I got married in my late 20s and had two children in quick succession. We performed our civil ceremony in the City of Westminster, United Kingdom, our traditional wedding in Lagos, and our white wedding in Cape Town, South Africa. Given our international roots, it was a beautiful opportunity to introduce many of our friends from around the world to the Continent.
What was the most difficult thing that ever happened to you in all your years and how did you overcome it?
As I reflect on my journey to date, I have faced a plethora of challenges: navigating my career at the epicentre of the global financial crisis, encountering significant resistance trying to break into the private equity industry, navigating the extremely lonely path rising the ranks in male-dominated industries, witnessing first-hand the destructive impact of toxic leadership and failed institutions and juggling the demands of being a present and invested mother to two toddlers, while managing my professional commitments.
I have remained optimistic and learned to thrive under the pressure of doing the ‘impossible’ fuelled by a deep sense of purpose, an unrelenting tenacity, and an unwavering belief in myself. Failure for me is an unavoidable part of living a limitless life.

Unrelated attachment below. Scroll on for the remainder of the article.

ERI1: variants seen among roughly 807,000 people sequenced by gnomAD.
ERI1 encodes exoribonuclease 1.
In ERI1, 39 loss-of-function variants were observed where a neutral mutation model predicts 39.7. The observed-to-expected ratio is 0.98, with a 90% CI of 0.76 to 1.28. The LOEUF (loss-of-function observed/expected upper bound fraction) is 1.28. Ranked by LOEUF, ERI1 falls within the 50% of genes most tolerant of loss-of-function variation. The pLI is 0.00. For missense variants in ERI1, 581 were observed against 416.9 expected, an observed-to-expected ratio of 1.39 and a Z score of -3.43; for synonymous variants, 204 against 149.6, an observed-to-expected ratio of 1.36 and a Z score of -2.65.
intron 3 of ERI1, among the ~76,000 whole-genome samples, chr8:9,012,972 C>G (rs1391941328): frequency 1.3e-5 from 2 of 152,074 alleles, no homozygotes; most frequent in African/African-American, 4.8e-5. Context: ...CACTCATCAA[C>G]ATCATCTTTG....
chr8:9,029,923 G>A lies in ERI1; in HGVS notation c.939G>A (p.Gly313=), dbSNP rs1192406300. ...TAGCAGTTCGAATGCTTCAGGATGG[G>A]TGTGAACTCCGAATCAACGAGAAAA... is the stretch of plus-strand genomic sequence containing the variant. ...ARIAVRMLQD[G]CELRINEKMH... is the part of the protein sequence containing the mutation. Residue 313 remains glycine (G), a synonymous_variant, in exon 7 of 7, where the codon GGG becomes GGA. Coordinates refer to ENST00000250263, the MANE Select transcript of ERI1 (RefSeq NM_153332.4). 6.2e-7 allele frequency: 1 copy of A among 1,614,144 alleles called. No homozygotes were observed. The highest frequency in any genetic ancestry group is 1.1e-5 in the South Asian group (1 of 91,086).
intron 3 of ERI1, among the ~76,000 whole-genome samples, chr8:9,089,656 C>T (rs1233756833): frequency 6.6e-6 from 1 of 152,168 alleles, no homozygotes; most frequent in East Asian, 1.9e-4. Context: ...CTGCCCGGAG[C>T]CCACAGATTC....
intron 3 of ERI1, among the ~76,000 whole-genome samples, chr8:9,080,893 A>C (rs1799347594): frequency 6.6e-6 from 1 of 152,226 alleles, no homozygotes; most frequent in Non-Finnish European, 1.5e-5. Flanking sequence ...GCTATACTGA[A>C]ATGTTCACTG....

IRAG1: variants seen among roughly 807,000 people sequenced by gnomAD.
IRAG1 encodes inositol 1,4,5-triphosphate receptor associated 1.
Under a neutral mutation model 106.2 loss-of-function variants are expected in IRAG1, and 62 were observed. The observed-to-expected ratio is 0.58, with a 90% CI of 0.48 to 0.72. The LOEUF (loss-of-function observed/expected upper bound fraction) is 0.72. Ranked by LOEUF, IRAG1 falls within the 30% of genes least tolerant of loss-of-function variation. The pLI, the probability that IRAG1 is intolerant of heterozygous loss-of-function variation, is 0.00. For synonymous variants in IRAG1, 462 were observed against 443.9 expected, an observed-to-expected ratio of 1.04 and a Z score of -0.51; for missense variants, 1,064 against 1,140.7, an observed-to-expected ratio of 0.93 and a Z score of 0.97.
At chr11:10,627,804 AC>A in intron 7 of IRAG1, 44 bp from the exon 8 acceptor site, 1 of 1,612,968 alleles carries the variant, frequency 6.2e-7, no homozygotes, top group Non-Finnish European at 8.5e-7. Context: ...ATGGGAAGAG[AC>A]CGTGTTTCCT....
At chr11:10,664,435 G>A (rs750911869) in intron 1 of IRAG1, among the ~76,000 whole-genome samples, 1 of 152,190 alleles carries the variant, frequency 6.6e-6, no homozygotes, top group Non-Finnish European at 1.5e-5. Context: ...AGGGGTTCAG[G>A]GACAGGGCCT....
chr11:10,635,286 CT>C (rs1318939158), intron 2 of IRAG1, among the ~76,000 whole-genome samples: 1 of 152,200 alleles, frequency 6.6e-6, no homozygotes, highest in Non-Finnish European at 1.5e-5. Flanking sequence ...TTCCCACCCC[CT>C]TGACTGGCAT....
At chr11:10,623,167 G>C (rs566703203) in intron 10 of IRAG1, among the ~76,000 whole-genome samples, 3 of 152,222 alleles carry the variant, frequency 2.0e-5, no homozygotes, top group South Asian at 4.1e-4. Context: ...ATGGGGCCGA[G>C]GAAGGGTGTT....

What do you consider the biggest mistake you have ever made?
The biggest mistake I ever made was not realising my self-worth. A number of early traumas stripped me of my internal self-confidence. As a result, I gave people more power of me than they deserved. I allowed myself to settle for less than I deserved feeling the need to constantly prove myself. It took effort and intentionality to learn to love myself enough to set boundaries; to prioritise myself, safeguarding my time and energy. I had to learn to teach people how to treat me, by deciding what I would and won’t accept. You may be the only person left who believes in you, but it’s enough. It takes just one star to pierce a universe of darkness. You have nothing to prove you are enough.